Open Book Festival Report 2: Straight from the horses’ mouths

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The Fugard Theatre played host to a panel discussion about the publishing industry in South Africa, chaired by Mervyn Sloman from The Book Lounge.

Terry Morris from Pan Macmillan

Frederik de Jager from Umuzi, Colleen Higgs from Modjadji, Veronica Klipp from Wits University Press, Alison Lowry from Penguin and Terry Morris from Pan Macmillan started the discussion by telling the audience some good news about the publishing industry today. Their reasons to be cheerful included the fact that people still want books (and that books are still selling, despite the economic downturn), digital publishing and all the exciting opportunities it represents, the fact that South African books are doing so well at the moment, and the ways in which writers and publishers are engaging with readers more directly. Klipp also mentioned the fact that South Africa’s scholarly authors are building up phenomenal respect (and thus symbolic capital) for the country in scholarly communities abroad.

A large part of the discussion was devoted to the digital revolution and how this affects publishing and the way in which books are produced and marketed. Misconceptions about the cost of e-books and the difficulties in their production were addressed, with Klipp and Lowry both stressing the fact that South Africa still has a relative skills shortage when it comes to the expertise required for various stages of producing e-books. Morris emphasised the need for publishers to address these skills shortages more quickly, to move faster in embracing the electronic revolution, so as to not have the carpet pulled from under their feet as happened in the music industry. De Jager pointed out that the publishing industry has been ahead of the game so far, and has kept abreast of changes and developments in the market, and has not been left behind when it comes to technological developments.

Colleen Higgs from Modjadji

All the trade publishers agreed that there has been no downturn in the number of manuscripts they receive. The ballpark figure sits at around 400 unsolicited manuscripts received per year (per publisher), while they can count on one hand the number of these manuscripts that are published. Generally, the modus operandi is still to solicit material or to work through literary agents when planning a publication.

Klipp pointed out some important differences between academic and trade publishing. Works published by scholarly publishers are still largely unsolicited, and the academic market has been slower to embrace electronic publications, in spite of the fact that it holds many advantages for them, like being more easily searchable. It seems that simpler books are more suited to reading on a Kindle or iPad, while academics still prefer to handle actual books and use traditional libraries.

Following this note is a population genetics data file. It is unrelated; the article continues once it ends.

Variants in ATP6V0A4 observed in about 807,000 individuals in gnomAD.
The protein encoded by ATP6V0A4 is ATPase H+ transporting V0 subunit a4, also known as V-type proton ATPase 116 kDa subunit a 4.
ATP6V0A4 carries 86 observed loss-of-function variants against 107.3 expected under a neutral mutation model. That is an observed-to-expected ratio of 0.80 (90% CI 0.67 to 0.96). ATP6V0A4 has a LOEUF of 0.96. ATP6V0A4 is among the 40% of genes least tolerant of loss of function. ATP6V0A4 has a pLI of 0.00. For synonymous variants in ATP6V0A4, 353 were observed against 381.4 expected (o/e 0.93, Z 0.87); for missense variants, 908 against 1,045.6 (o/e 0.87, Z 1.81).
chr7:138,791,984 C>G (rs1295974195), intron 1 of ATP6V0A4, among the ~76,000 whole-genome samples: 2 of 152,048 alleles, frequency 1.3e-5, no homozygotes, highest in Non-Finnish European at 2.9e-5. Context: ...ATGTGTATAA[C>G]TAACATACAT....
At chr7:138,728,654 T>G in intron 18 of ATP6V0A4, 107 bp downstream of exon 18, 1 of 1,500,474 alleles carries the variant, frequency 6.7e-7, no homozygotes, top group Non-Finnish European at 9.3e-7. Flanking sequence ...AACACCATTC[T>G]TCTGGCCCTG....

Frederik de Jager from Umuzi, Veronica Klipp from Wits University Press and Alison Lowry from Penguin.

Another big topic of discussion was “The Numbers” and how to make them work with a relatively small reading public. Morris explained that for the books to balance, you need to budget on selling 1 500 copies of a book. Although they do publish books that are unlikely to sell so many copies, these must be financially supported by the profit from so called “Big Books”, titles that sell in excess of 10 000 copies.

The panel also discussed the characteristics and importance of literary fiction, books that suffer from what De Jager calls “midlist disease”. He pointed out the direct relationship between sales and what booksellers are willing to put on their shelves. He also pointed out that the production of literature has been completely ignored in academic studies, and that the downward trend in sales of literary fiction must be seen in conjunction with the hunt for “Big Books”.

Mervyn Sloman from The Book Lounge

As far as trends in the South African publishing industry are concerned, all the publishers agreed that South African books are doing really well at the moment. Lowry noted an increasing interest in personality-driven “political” books, where the focus has shifted from the country to the individual stories that help us to understand who we are.

Higgs mentioned the fact that authors need to master the art of becoming “personalities”. She has found that the authors who are willing to go out and meet their audience sell more books than those who don’t. Big publishers like Pan Macmillan contractually oblige their authors to participate in marketing events, but Mervyn Sloman says it seems unfair to expect authors to “dance on tables” to sell books. De Jager, with his characteristic dry wit, pointed out that someone will end up dancing on the table – if not the author, then certainly the publisher.

After filling the audience in on forthcoming attractions from their publishing houses, they were all off to go and support their authors, the ones who will be dancing all over town for the next four days.

The publishers in conversation.


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